Helping your child manage their treatment

Helping your child manage their treatment

There are a number of ways you can help your child if they are having healthcare treatment.

What are the main ways you can help your child?

There are a number of ways you can help your child if they are having healthcare treatment. The suggestions below can help all the family to better cope with the situation.

Talk to your child

Talk to your child about what is happening.

Invite your child to participate in their care

Ask questions which invite your child to participate in their care by offering realistic choices. Just make sure that you word the question so that either answer is acceptable.

Don't ask a question like this: "Are you ready to come to the treatment room?"   

Instead, ask a question like this: "It's time to go to the treatment room. Do you want to walk down with Dad or Grandma?" Or, "Do you want to count to 3 or 5?"

Be involved in decisions

If you don't understand, don't be afraid to ask questions. 

Be involved in all the decisions about your child's healthcare.

If you don't understand, don't be afraid to ask questions. 

What can you do before the treatment or procedure?

Before your child has any treatment, it is important for you to know as much as possible about:

  • why your child is unwell
  • what procedures are necessary
  • what choices are available

This will help you to feel less anxious and in turn, will help you support your child to manage any fear and anxieties they may feel as a result of a medical procedure or treatment.

What is your role?

You and your child are important members of the healthcare team. Your knowledge of what helps your child, and what may make them more anxious or distressed, is very useful information.


Be prepared

Find out what will happen. Know why your child needs a procedure, how it might feel and how long it will last.

Be there

Consider being with your child during the procedure. Discuss this beforehand with the doctor or medical staff.

Talk honestly

Children in unfamiliar surroundings often try to make sense of what is happening. Giving them simple, truthful explanations stops them imagining things which may not be accurate or true.

Explain to your child why they need the procedure, what they can expect to feel, see and hear, and who will be with them throughout. Try to avoid creating unnecessary concern, but do not make promises that you cannot keep. For example, do not tell your child that a procedure will not hurt unless you can be sure of this.

How much information you share may depend on your child. For some children, lots of information may make them feel secure. For others, it may make them more anxious. 

Ask for help if you need it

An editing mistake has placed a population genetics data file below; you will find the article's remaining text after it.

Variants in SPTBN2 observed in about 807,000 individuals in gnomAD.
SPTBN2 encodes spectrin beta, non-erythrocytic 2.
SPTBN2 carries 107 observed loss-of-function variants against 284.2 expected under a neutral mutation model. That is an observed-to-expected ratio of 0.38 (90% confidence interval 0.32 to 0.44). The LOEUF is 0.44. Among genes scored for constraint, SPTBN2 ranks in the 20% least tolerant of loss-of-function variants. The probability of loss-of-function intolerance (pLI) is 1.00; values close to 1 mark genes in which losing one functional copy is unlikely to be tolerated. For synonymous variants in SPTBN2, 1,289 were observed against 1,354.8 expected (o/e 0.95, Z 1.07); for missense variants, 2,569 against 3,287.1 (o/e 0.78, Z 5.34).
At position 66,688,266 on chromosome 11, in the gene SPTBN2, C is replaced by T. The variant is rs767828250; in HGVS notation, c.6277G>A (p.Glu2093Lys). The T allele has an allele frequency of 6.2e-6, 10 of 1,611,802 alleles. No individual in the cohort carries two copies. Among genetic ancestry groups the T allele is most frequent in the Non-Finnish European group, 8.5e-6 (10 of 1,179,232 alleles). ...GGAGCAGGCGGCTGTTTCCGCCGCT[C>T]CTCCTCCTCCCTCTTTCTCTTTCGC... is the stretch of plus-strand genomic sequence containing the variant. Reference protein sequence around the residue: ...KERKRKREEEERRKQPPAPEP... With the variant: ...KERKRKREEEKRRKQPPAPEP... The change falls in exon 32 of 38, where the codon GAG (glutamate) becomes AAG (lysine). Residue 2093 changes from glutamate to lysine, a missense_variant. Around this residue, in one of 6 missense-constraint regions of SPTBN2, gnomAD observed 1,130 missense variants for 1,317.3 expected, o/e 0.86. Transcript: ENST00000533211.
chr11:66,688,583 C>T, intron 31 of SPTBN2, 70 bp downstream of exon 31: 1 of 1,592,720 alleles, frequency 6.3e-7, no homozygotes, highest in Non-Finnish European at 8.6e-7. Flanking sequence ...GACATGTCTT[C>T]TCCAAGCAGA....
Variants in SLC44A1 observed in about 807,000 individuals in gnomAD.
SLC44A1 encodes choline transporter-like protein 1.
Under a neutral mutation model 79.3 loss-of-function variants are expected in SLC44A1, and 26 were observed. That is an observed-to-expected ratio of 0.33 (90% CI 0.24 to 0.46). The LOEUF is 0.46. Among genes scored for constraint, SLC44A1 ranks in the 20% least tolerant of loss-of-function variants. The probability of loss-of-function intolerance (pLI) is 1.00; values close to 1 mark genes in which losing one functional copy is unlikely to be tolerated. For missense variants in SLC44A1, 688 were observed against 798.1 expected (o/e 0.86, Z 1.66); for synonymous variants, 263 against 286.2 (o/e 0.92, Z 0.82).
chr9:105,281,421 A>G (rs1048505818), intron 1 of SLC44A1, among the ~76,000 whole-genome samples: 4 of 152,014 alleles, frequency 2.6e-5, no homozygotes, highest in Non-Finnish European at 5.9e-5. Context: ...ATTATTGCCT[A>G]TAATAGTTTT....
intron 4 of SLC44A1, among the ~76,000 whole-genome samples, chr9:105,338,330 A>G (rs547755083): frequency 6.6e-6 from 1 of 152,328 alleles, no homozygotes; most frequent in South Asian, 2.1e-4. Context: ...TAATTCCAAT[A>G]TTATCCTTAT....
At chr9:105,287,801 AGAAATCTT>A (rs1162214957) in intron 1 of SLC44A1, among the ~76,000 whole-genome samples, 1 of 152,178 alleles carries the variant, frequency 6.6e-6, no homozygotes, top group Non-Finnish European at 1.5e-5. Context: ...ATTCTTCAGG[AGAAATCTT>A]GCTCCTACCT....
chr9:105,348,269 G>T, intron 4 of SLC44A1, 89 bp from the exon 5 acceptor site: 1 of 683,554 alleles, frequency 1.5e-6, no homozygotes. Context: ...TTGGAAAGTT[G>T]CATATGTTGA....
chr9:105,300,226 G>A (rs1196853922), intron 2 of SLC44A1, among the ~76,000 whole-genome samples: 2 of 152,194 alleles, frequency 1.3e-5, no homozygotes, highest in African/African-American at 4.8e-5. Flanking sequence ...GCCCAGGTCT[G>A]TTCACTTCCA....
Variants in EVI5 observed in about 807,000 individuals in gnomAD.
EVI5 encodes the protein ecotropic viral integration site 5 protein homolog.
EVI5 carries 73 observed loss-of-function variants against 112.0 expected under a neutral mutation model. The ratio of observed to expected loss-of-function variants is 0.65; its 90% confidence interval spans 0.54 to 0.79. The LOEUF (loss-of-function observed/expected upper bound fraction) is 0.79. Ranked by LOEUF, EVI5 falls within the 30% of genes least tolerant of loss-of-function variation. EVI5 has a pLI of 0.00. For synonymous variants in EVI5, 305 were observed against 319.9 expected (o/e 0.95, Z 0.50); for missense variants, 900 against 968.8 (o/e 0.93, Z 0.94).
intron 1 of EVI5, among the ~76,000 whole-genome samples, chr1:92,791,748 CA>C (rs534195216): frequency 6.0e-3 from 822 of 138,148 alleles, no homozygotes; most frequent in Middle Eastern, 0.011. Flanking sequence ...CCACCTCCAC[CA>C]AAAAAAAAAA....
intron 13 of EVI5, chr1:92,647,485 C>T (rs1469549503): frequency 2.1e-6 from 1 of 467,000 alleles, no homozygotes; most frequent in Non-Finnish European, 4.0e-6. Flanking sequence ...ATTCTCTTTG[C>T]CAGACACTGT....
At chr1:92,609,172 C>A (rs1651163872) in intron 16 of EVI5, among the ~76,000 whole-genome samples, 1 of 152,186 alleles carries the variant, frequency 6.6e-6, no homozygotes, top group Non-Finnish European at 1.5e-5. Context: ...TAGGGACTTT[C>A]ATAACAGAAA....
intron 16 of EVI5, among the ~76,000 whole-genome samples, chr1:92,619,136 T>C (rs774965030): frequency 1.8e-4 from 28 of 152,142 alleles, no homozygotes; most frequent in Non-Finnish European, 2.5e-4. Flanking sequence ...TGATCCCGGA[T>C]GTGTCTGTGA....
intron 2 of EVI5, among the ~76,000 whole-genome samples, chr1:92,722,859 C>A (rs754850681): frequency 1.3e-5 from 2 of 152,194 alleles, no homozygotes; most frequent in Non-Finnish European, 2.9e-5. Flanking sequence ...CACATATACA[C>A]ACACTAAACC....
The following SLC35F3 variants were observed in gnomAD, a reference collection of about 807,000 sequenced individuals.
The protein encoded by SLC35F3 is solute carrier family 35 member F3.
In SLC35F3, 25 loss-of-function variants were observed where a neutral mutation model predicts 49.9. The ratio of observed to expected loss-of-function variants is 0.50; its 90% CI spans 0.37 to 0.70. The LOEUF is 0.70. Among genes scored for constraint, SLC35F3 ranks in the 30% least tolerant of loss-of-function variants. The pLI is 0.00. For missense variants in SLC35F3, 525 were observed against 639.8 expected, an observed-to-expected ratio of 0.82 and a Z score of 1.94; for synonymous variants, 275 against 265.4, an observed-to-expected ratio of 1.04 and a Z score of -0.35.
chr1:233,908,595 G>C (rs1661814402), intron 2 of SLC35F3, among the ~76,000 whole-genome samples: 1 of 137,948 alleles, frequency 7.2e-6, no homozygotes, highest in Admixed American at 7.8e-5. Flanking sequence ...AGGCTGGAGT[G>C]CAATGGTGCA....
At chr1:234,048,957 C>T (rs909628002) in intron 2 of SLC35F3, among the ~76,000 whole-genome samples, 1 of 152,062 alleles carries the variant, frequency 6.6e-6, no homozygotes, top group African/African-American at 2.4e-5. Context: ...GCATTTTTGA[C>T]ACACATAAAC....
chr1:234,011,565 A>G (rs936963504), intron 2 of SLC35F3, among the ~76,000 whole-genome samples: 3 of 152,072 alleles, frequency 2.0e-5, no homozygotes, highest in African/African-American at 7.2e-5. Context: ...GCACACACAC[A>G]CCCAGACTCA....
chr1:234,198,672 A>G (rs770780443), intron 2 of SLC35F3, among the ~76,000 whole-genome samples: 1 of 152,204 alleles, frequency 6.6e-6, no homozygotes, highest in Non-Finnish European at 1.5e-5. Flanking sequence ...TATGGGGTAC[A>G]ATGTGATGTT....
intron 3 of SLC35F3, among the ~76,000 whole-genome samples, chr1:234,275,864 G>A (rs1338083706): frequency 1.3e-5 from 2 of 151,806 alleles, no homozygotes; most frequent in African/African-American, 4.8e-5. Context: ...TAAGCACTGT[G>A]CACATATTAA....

If your own fears and concerns are making your child more anxious, talk them through with medical staff or with other supportive adults out of your child's hearing.

Encourage questions

Make sure that staff caring for your child explain to your child (not just to you) what they will be doing and the purpose of the equipment they are using. Encourage your child to ask questions and to express any concerns they may have.

Keep it simple

Where possible use simple language and explain the meaning of unfamiliar terms they may hear, such as 'anaesthetic'. When describing a medical procedure try not to use words that have double meanings or which may be frightening. For example, use:

  • 'special medicine' instead of 'dye'
  • 'numb' or 'make sleepy' instead of 'deaden'
  • 'make an opening' instead of 'cut'

Use coping strategies

Help your child manage pain or discomfort. There are many coping strategies you can use to help reduce anxiety and perceptions of pain and discomfort, depending on your child's age. These can include squeezing your hand and saying 'ouch', distraction with bubble blowing, songs or stories, deep steady breathing, video games or having an iPod.

See Painful procedures and operations - how can parents help?

Comfort and reassure

Afterwards, comfort your child in whatever ways are soothing and reassuring to them; for example, by holding, rocking, touching or stroking.

Play before and after

Encourage play both before and after procedures. Playing, painting, and storytelling or story writing give children control, help them to express their feelings, understand what is happening, and cope with unfamiliar or difficult situations.

Ask about play specialists

If your local hospital has a play specialist then they may be able to advise you on how to help your child cope with illness, treatment and hospitalisation.

Starship Foundation and the Paediatric Society of New Zealand acknowledge the cooperation of the Hospital Play Specialists Association of Aotearoa/New Zealand in making this content available to parents/caregivers and families.


This page last reviewed 24 October 2017.
Email us your feedback

On this page